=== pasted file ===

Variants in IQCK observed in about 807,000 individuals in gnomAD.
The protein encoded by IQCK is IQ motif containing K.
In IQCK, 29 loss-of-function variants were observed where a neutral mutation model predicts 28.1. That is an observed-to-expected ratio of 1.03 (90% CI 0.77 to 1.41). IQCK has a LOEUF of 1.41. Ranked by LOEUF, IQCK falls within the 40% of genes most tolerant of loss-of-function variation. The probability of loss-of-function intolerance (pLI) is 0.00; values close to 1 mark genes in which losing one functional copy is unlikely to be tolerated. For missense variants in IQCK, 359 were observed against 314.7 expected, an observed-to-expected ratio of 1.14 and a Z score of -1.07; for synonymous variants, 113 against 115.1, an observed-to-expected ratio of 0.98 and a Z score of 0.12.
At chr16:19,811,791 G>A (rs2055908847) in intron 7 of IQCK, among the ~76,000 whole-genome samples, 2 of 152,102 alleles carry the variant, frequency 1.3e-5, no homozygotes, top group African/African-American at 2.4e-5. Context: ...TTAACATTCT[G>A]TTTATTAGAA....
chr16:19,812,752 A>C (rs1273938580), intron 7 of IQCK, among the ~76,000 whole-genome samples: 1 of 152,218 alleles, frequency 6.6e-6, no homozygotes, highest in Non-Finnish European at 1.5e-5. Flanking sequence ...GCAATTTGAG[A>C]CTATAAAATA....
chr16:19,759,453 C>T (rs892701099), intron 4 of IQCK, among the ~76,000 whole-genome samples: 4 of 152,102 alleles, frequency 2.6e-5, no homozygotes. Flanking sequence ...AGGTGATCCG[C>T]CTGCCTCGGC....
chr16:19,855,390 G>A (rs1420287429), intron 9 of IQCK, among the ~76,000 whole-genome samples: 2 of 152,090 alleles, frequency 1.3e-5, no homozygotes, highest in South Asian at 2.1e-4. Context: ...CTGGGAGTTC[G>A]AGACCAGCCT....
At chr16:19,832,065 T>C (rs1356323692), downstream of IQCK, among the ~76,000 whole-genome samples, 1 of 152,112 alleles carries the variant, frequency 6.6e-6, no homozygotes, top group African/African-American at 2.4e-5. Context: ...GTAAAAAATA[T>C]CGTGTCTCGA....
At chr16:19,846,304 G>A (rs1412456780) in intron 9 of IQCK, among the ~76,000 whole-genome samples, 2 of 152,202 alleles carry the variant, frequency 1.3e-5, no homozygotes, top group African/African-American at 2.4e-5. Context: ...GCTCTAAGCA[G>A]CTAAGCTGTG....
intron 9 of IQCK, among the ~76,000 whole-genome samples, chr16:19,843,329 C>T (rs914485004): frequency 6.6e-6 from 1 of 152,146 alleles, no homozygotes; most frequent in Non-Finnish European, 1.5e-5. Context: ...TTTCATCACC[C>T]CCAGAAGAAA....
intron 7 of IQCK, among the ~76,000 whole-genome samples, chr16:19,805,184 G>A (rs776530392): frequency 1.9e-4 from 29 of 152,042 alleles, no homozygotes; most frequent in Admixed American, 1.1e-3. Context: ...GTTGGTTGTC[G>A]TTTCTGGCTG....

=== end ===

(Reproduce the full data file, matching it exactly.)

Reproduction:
Variants in IQCK observed in about 807,000 individuals in gnomAD.
The protein encoded by IQCK is IQ motif containing K.
In IQCK, 29 loss-of-function variants were observed where a neutral mutation model predicts 28.1. That is an observed-to-expected ratio of 1.03 (90% CI 0.77 to 1.41). IQCK has a LOEUF of 1.41. Ranked by LOEUF, IQCK falls within the 40% of genes most tolerant of loss-of-function variation. The probability of loss-of-function intolerance (pLI) is 0.00; values close to 1 mark genes in which losing one functional copy is unlikely to be tolerated. For missense variants in IQCK, 359 were observed against 314.7 expected, an observed-to-expected ratio of 1.14 and a Z score of -1.07; for synonymous variants, 113 against 115.1, an observed-to-expected ratio of 0.98 and a Z score of 0.12.
At chr16:19,811,791 G>A (rs2055908847) in intron 7 of IQCK, among the ~76,000 whole-genome samples, 2 of 152,102 alleles carry the variant, frequency 1.3e-5, no homozygotes, top group African/African-American at 2.4e-5. Context: ...TTAACATTCT[G>A]TTTATTAGAA....
chr16:19,812,752 A>C (rs1273938580), intron 7 of IQCK, among the ~76,000 whole-genome samples: 1 of 152,218 alleles, frequency 6.6e-6, no homozygotes, highest in Non-Finnish European at 1.5e-5. Flanking sequence ...GCAATTTGAG[A>C]CTATAAAATA....
chr16:19,759,453 C>T (rs892701099), intron 4 of IQCK, among the ~76,000 whole-genome samples: 4 of 152,102 alleles, frequency 2.6e-5, no homozygotes. Flanking sequence ...AGGTGATCCG[C>T]CTGCCTCGGC....
chr16:19,855,390 G>A (rs1420287429), intron 9 of IQCK, among the ~76,000 whole-genome samples: 2 of 152,090 alleles, frequency 1.3e-5, no homozygotes, highest in South Asian at 2.1e-4. Context: ...CTGGGAGTTC[G>A]AGACCAGCCT....
At chr16:19,832,065 T>C (rs1356323692), downstream of IQCK, among the ~76,000 whole-genome samples, 1 of 152,112 alleles carries the variant, frequency 6.6e-6, no homozygotes, top group African/African-American at 2.4e-5. Context: ...GTAAAAAATA[T>C]CGTGTCTCGA....
At chr16:19,846,304 G>A (rs1412456780) in intron 9 of IQCK, among the ~76,000 whole-genome samples, 2 of 152,202 alleles carry the variant, frequency 1.3e-5, no homozygotes, top group African/African-American at 2.4e-5. Context: ...GCTCTAAGCA[G>A]CTAAGCTGTG....
intron 9 of IQCK, among the ~76,000 whole-genome samples, chr16:19,843,329 C>T (rs914485004): frequency 6.6e-6 from 1 of 152,146 alleles, no homozygotes; most frequent in Non-Finnish European, 1.5e-5. Context: ...TTTCATCACC[C>T]CCAGAAGAAA....
intron 7 of IQCK, among the ~76,000 whole-genome samples, chr16:19,805,184 G>A (rs776530392): frequency 1.9e-4 from 29 of 152,042 alleles, no homozygotes; most frequent in Admixed American, 1.1e-3. Context: ...GTTGGTTGTC[G>A]TTTCTGGCTG....